Sir Patrick Cormack: That is right. Another issue that has to be debated within the one and a half hours is what happens to Members who already serve on a Select Committee, because there will have to be a degree of duplication. I have the honour of chairing the Select Committee on Northern Ireland Affairs—a task that I greatly enjoy—and I have three exceptionally good Government members of that committee from the north-east. I can well imagine the dilemma that they would face. We ought to have time to debate that dilemma, but we will hardly have time to do so because in the five minutes allocated to each speaker—properly under the circumstances—it will be difficult effectively to make more than one or two points. Apart from the remarks of the Deputy Leader of the House who, as always, introduced the motion with good humour, no one has even begun to agree that this is a proper allocation of time.

I will resist the temptation to speak for another five hours. I am almost inclined to give in to it—that, at least, would put me in the “Guinness Book of Records”, which nothing else I have done in this place has so far.

Mr. Cash: On that point, my hon. Friend is tempting fate. There are some who could keep the debate going not just for five hours, but for much longer. Indeed, Gladstone spoke for six and a half hours on a Budget debate.

Sir Patrick Cormack: Well, he did have something of substance to talk about! I would not want to enter the verbosity stakes with my hon. and illustrious Friend. Perhaps we could do a charity competition on it one day, but that could hardly be in this House, because it would be for money, albeit for charity —[Interruption.] My right hon. Friend the Chairman of the Procedure Committee, no less, wishes to intervene.

Mr. Greg Knight (East Yorkshire) (Con): I am grateful to my hon. Friend for giving way. Does he not think that the House needs to hear more from the Deputy Leader of the House, who said a few moments ago that he was sure that, if an amendment had been tabled, the Government would have listened, showing that he was not necessarily wedded to this timetable motion. Should we not hear from him and then invite the Government to table a manuscript amendment to their own motion?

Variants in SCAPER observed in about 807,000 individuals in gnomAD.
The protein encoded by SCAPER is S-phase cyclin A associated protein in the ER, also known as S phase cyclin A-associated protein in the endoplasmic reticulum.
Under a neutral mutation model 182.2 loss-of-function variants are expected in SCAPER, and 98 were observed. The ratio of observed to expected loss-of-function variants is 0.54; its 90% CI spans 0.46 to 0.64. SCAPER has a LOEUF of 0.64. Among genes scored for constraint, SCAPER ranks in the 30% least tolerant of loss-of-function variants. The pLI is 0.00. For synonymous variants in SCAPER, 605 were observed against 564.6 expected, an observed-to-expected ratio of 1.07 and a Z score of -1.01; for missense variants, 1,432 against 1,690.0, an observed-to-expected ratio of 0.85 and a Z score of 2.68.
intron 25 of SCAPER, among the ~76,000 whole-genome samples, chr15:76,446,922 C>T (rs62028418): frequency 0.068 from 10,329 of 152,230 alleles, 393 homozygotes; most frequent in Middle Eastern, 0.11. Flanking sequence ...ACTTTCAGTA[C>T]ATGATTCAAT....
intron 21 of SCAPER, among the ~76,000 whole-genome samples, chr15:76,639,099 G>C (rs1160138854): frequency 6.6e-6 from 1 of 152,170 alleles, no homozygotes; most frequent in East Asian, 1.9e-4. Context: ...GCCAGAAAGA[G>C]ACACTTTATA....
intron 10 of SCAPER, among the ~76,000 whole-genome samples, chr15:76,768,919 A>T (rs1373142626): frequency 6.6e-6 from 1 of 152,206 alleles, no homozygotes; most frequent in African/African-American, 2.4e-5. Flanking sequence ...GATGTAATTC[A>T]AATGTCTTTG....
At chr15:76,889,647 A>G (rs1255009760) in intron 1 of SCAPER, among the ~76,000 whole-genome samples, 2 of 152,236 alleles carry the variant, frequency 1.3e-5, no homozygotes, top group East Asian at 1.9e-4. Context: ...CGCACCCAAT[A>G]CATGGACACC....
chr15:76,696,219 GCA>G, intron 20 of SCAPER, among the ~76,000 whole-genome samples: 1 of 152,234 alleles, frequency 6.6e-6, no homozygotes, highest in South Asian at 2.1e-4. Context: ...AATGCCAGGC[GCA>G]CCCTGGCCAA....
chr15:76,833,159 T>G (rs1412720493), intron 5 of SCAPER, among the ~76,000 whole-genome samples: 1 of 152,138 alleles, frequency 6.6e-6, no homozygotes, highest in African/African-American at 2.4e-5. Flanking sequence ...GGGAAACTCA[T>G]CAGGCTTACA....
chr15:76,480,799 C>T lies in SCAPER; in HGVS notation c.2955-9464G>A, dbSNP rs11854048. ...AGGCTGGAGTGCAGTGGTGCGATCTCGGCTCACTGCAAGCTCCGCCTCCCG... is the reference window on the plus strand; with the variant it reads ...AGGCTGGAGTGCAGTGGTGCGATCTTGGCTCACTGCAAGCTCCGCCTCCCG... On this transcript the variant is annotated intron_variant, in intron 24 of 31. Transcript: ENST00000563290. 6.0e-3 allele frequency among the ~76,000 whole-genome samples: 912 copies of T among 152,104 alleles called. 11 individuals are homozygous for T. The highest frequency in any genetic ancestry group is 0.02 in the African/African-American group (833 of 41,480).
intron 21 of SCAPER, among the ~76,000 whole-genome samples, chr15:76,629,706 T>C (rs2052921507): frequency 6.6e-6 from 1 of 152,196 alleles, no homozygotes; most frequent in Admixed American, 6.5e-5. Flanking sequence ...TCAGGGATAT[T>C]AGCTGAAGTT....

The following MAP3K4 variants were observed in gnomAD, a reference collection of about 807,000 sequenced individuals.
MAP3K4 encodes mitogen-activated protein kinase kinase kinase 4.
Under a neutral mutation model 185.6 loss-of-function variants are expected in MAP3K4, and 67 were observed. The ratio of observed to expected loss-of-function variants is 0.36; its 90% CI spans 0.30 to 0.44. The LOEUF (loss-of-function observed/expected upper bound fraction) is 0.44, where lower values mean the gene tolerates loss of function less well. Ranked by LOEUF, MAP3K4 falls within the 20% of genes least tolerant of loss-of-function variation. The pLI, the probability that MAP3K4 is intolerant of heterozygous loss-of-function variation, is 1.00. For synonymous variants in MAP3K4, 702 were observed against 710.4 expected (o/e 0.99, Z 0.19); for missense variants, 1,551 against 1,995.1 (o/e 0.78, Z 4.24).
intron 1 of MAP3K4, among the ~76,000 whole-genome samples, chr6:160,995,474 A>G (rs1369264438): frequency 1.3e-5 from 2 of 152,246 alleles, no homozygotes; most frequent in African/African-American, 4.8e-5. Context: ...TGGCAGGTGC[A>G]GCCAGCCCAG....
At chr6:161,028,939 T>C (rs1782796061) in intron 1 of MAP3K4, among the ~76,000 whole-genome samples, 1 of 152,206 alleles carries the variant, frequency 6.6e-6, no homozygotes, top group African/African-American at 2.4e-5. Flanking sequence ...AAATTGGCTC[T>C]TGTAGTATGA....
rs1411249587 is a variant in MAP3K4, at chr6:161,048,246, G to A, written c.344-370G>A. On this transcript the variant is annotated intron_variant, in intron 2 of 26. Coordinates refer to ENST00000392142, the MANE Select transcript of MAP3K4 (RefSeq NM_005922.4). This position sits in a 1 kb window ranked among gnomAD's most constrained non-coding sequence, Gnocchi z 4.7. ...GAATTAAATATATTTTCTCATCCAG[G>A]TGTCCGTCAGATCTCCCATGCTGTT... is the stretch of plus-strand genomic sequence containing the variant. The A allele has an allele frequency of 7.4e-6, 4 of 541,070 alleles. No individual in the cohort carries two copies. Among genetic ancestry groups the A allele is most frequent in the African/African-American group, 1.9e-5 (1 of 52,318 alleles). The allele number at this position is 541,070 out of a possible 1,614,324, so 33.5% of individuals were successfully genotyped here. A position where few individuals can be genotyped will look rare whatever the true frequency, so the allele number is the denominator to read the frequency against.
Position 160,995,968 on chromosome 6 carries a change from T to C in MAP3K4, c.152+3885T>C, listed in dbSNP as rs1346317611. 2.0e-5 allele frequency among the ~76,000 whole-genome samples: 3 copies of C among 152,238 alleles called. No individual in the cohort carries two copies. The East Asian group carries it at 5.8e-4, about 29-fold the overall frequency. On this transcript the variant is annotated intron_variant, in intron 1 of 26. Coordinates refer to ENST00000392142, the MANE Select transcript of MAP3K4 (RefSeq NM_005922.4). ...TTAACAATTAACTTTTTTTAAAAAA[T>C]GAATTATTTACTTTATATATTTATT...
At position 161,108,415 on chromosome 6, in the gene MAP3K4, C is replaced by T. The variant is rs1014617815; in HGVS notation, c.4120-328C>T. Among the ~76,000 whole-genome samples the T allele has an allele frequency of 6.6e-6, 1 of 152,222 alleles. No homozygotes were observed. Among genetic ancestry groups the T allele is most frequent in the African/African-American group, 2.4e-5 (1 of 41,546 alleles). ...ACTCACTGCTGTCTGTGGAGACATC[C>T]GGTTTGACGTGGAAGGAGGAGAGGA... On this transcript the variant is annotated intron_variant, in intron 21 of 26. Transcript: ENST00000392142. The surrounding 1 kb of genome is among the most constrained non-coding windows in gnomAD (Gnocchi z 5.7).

Sir Patrick Cormack: I am grateful to my right hon. Friend who, as Chair of the Procedure Committee, has a great background of knowledge in these matters. I have twice already made an offer about a manuscript amendment, but answer came there none. It is very sad indeed that the Deputy Leader of the House, having said effectively that an amendment would be accepted, has spurned by disdainful silence the two offers that
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have been made. Perhaps the Leader of the House would like to intervene to explain to me and my right hon. Friend the Member for East Yorkshire (Mr. Knight) what she would accept by way of amendment to this timetable motion. It is that motion that is making us very cross.

Mr. Speaker is scrupulously right to ensure that we talk about the timing, which I am trying to do, but it is ludicrous that we have until 7 o’clock to debate timing issues and only one and a half hours to debate the substance. That is a perversion of parliamentary practice.

Mr. Hogg: My hon. Friend has already made a general offer to the Government Front Benchers, but he may like to be a little more specific. I was asked how long I thought was needed. If my hon. Friend were to suggest three hours for the first group of motions, three hours for the second and two hours for the third, the Government might well find that they had the House’s support. Would my hon. Friend consider putting that offer to the Government Front Benchers?